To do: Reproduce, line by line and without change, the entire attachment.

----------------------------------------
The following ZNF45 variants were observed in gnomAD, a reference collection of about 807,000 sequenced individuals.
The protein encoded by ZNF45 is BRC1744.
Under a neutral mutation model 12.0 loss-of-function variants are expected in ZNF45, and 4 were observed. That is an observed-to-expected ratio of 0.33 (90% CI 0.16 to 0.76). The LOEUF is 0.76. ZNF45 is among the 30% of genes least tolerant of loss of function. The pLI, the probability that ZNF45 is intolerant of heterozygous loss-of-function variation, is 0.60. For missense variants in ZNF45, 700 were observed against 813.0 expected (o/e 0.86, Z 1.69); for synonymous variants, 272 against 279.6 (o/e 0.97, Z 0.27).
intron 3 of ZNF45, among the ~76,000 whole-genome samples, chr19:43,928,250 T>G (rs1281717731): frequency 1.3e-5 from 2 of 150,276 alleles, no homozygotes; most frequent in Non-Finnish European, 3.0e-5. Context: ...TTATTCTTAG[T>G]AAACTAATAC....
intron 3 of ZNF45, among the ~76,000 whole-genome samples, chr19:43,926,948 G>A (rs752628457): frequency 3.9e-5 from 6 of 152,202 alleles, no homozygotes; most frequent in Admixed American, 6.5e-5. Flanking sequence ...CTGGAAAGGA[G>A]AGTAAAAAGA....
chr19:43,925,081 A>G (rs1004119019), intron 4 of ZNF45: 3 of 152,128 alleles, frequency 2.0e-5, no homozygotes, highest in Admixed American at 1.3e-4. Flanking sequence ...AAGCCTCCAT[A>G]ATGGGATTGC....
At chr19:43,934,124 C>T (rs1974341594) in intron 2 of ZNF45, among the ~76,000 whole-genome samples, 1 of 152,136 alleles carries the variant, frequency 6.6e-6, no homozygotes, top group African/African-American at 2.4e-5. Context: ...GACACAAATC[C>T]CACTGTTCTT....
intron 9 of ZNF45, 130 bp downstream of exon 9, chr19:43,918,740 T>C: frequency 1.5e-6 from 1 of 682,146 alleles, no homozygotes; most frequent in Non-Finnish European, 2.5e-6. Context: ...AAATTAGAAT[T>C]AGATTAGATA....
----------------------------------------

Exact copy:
The following ZNF45 variants were observed in gnomAD, a reference collection of about 807,000 sequenced individuals.
The protein encoded by ZNF45 is BRC1744.
Under a neutral mutation model 12.0 loss-of-function variants are expected in ZNF45, and 4 were observed. That is an observed-to-expected ratio of 0.33 (90% CI 0.16 to 0.76). The LOEUF is 0.76. ZNF45 is among the 30% of genes least tolerant of loss of function. The pLI, the probability that ZNF45 is intolerant of heterozygous loss-of-function variation, is 0.60. For missense variants in ZNF45, 700 were observed against 813.0 expected (o/e 0.86, Z 1.69); for synonymous variants, 272 against 279.6 (o/e 0.97, Z 0.27).
intron 3 of ZNF45, among the ~76,000 whole-genome samples, chr19:43,928,250 T>G (rs1281717731): frequency 1.3e-5 from 2 of 150,276 alleles, no homozygotes; most frequent in Non-Finnish European, 3.0e-5. Context: ...TTATTCTTAG[T>G]AAACTAATAC....
intron 3 of ZNF45, among the ~76,000 whole-genome samples, chr19:43,926,948 G>A (rs752628457): frequency 3.9e-5 from 6 of 152,202 alleles, no homozygotes; most frequent in Admixed American, 6.5e-5. Flanking sequence ...CTGGAAAGGA[G>A]AGTAAAAAGA....
chr19:43,925,081 A>G (rs1004119019), intron 4 of ZNF45: 3 of 152,128 alleles, frequency 2.0e-5, no homozygotes, highest in Admixed American at 1.3e-4. Flanking sequence ...AAGCCTCCAT[A>G]ATGGGATTGC....
At chr19:43,934,124 C>T (rs1974341594) in intron 2 of ZNF45, among the ~76,000 whole-genome samples, 1 of 152,136 alleles carries the variant, frequency 6.6e-6, no homozygotes, top group African/African-American at 2.4e-5. Context: ...GACACAAATC[C>T]CACTGTTCTT....
intron 9 of ZNF45, 130 bp downstream of exon 9, chr19:43,918,740 T>C: frequency 1.5e-6 from 1 of 682,146 alleles, no homozygotes; most frequent in Non-Finnish European, 2.5e-6. Context: ...AAATTAGAAT[T>C]AGATTAGATA....